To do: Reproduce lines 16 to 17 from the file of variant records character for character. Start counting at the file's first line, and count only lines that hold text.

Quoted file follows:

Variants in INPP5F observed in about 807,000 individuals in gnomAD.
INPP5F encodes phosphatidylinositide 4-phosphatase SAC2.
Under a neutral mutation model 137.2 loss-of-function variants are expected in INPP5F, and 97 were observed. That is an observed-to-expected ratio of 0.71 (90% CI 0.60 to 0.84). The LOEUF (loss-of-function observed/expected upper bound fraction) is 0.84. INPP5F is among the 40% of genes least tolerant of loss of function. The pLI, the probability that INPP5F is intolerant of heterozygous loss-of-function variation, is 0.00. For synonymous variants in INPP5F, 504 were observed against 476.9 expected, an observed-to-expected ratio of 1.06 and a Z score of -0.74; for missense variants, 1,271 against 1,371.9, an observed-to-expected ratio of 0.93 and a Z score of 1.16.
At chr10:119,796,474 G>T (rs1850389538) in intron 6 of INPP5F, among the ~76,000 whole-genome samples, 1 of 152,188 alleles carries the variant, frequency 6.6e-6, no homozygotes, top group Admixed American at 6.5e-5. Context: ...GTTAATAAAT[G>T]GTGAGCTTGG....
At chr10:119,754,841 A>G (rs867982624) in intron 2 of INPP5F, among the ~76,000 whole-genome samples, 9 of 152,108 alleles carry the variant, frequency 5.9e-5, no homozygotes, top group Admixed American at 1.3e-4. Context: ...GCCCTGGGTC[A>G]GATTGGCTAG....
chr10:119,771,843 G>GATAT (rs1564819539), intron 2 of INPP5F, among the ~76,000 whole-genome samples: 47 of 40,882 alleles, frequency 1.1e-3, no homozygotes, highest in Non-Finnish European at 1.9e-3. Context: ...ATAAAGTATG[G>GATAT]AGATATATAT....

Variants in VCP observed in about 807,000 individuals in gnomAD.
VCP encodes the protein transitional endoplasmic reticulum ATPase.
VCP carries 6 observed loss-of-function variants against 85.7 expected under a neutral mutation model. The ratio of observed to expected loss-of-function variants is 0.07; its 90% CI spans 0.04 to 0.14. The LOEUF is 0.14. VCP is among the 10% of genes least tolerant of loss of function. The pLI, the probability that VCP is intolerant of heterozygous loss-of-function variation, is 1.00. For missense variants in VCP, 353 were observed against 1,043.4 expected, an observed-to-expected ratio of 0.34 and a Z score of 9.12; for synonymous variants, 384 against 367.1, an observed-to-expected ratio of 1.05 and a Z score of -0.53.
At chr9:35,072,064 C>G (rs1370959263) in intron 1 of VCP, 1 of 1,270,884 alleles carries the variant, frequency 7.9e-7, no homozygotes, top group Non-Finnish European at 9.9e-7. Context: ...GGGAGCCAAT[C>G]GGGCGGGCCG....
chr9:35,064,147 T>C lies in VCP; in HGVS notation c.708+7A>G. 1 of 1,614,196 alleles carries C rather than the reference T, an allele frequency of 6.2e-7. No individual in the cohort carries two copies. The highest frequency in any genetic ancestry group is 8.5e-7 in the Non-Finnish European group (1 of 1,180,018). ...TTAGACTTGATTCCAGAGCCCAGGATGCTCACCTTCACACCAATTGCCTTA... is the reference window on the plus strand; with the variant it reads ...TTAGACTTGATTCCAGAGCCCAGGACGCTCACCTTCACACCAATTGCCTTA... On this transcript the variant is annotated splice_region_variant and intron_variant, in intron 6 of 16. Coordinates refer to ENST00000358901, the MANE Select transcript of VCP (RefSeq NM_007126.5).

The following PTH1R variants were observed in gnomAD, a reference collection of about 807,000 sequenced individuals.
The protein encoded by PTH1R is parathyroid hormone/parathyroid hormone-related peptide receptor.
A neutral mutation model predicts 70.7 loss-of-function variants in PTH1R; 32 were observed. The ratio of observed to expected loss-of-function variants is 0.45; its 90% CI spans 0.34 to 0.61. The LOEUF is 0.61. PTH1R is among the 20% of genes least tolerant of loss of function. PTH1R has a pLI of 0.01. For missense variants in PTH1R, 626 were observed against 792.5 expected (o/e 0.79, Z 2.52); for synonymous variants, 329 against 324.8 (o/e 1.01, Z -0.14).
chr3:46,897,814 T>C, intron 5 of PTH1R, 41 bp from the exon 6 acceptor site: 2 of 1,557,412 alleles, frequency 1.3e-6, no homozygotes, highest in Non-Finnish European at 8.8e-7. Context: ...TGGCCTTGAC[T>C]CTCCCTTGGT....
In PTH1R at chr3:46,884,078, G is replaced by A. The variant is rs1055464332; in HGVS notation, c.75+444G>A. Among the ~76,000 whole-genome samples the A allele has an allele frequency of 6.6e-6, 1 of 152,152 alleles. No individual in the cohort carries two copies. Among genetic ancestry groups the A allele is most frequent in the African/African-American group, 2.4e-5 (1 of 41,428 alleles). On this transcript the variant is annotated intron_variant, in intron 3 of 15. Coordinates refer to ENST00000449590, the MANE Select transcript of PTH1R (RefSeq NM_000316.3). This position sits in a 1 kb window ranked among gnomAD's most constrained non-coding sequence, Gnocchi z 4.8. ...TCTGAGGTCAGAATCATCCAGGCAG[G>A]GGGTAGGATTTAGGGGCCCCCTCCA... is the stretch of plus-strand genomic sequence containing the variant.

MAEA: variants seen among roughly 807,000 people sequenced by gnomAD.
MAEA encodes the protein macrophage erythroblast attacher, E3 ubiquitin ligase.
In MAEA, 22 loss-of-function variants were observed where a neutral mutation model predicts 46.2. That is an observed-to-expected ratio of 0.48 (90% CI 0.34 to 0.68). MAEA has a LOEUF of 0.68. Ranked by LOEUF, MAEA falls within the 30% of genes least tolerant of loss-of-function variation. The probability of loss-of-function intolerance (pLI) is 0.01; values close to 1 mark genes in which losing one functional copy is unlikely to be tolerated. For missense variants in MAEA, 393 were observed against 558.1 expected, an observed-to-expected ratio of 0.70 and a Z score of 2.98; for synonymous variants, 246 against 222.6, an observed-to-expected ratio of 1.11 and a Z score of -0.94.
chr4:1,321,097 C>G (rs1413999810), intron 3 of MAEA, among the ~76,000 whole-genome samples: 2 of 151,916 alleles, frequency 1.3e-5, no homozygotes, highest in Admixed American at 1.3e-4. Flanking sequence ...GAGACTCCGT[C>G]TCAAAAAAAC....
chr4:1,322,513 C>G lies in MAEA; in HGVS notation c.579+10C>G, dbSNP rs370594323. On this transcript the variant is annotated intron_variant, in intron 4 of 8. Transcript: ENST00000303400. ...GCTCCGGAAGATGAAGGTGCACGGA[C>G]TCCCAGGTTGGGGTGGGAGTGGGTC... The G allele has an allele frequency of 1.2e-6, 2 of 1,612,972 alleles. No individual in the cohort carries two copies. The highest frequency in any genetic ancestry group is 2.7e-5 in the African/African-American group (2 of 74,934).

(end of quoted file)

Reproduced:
In PTH1R at chr3:46,884,078, G is replaced by A. The variant is rs1055464332; in HGVS notation, c.75+444G>A. Among the ~76,000 whole-genome samples the A allele has an allele frequency of 6.6e-6, 1 of 152,152 alleles. No individual in the cohort carries two copies. Among genetic ancestry groups the A allele is most frequent in the African/African-American group, 2.4e-5 (1 of 41,428 alleles). On this transcript the variant is annotated intron_variant, in intron 3 of 15. Coordinates refer to ENST00000449590, the MANE Select transcript of PTH1R (RefSeq NM_000316.3). This position sits in a 1 kb window ranked among gnomAD's most constrained non-coding sequence, Gnocchi z 4.8. ...TCTGAGGTCAGAATCATCCAGGCAG[G>A]GGGTAGGATTTAGGGGCCCCCTCCA... is the stretch of plus-strand genomic sequence containing the variant.

MAEA: variants seen among roughly 807,000 people sequenced by gnomAD.